Self-Funded Health Plans Grow In Popularity
- taken from Business Record
As organizations begin to assess options for health coverage in 2018, new data could help provide some perspective. Employer premiums on health care plans rose higher in 2017 than they have in the past five years, according to a nationwide health plan survey, Benefits Pro reported.
Consequently, employers are continuing to pass the costs on to workers and also reducing their prescription drug coverage, according to the 2017 United Benefit Advisors Health Plan Survey.
Additionally, self-funded plans -- in which an employer operates its own health plan, as opposed to purchasing a fully insured plan from an insurance carrier -- are also becoming more prevalent.
Premium renewal rates for employer-sponsored health insurance rose an average of 6.6 percent in 2017, a significant increase from the five-year average increase of 5.6 percent, according to responses from 20,099 health plans and 11,221 employers.
For all employer-sponsored plans, average employee premiums for single coverage rose 4.5 percent, to $532 from $509 in 2016. Average employee premiums for family coverage rose 3 percent, to $1,272 from $1,236.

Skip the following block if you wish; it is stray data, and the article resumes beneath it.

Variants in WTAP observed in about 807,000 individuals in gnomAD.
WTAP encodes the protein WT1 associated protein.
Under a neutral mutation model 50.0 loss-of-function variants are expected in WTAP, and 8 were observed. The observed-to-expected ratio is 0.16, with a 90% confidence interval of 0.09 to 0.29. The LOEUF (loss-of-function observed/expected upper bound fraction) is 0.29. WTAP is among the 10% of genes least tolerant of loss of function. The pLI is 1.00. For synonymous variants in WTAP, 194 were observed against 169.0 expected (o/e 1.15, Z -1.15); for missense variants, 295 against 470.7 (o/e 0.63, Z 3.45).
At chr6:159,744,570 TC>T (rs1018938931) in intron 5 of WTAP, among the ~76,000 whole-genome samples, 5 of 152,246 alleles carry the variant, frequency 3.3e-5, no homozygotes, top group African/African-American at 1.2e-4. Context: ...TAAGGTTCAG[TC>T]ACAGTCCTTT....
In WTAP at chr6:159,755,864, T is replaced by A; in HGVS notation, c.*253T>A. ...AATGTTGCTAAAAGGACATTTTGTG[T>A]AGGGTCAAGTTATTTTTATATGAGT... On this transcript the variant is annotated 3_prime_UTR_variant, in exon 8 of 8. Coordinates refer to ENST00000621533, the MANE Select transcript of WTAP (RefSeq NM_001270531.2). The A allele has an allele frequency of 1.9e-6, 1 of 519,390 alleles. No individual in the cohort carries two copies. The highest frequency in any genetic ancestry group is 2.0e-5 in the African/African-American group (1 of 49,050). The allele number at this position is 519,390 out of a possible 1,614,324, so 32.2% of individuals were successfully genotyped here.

Self-funded plans, which have always been an attractive option for large groups, are becoming increasingly desirable to employers as a way to avoid various cost and compliance aspects of health care reform.
The number of employers using self-funding grew 48 percent for employers with 25-49 employees in 2017 (5.8 percent of plans), and 13.4 percent for employers with 50-99 employees (9.3 percent of plans), the study found. Overall, 12.8 percent of all plans are self-funded, while almost two-thirds of all large employer plans are self-funded.